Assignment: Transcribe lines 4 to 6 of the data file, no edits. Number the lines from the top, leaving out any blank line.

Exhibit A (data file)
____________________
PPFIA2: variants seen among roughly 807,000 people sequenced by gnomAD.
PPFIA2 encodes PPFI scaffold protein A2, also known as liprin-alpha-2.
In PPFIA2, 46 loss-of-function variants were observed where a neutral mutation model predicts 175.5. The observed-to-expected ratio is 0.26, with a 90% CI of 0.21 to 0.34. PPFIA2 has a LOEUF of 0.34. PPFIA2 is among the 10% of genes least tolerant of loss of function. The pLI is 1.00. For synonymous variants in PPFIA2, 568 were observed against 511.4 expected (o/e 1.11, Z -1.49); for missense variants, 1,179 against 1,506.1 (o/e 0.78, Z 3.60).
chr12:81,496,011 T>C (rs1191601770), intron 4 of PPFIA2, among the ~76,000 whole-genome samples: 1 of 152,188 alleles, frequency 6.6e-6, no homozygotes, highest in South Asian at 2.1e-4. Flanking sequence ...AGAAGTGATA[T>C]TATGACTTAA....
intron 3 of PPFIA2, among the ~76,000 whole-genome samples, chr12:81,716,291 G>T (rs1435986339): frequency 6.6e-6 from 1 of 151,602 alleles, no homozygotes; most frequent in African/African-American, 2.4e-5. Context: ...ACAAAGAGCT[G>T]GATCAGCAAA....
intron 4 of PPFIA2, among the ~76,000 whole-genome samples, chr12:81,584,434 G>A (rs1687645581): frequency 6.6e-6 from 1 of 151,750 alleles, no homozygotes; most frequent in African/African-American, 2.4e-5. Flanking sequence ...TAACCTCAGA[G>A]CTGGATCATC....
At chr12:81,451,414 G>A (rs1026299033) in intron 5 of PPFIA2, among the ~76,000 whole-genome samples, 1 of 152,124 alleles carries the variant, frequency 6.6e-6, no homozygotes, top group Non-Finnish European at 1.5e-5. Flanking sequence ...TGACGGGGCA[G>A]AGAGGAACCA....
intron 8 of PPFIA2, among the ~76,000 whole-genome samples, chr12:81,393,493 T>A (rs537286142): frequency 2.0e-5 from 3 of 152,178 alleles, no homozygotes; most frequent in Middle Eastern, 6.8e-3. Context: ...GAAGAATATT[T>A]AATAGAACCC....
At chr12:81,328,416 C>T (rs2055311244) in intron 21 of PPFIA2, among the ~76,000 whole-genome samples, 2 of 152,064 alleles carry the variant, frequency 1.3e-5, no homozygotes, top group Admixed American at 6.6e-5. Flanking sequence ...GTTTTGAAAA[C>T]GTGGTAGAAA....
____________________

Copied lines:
chr12:81,496,011 T>C (rs1191601770), intron 4 of PPFIA2, among the ~76,000 whole-genome samples: 1 of 152,188 alleles, frequency 6.6e-6, no homozygotes, highest in South Asian at 2.1e-4. Flanking sequence ...AGAAGTGATA[T>C]TATGACTTAA....
intron 3 of PPFIA2, among the ~76,000 whole-genome samples, chr12:81,716,291 G>T (rs1435986339): frequency 6.6e-6 from 1 of 151,602 alleles, no homozygotes; most frequent in African/African-American, 2.4e-5. Context: ...ACAAAGAGCT[G>T]GATCAGCAAA....
intron 4 of PPFIA2, among the ~76,000 whole-genome samples, chr12:81,584,434 G>A (rs1687645581): frequency 6.6e-6 from 1 of 151,750 alleles, no homozygotes; most frequent in African/African-American, 2.4e-5. Flanking sequence ...TAACCTCAGA[G>A]CTGGATCATC....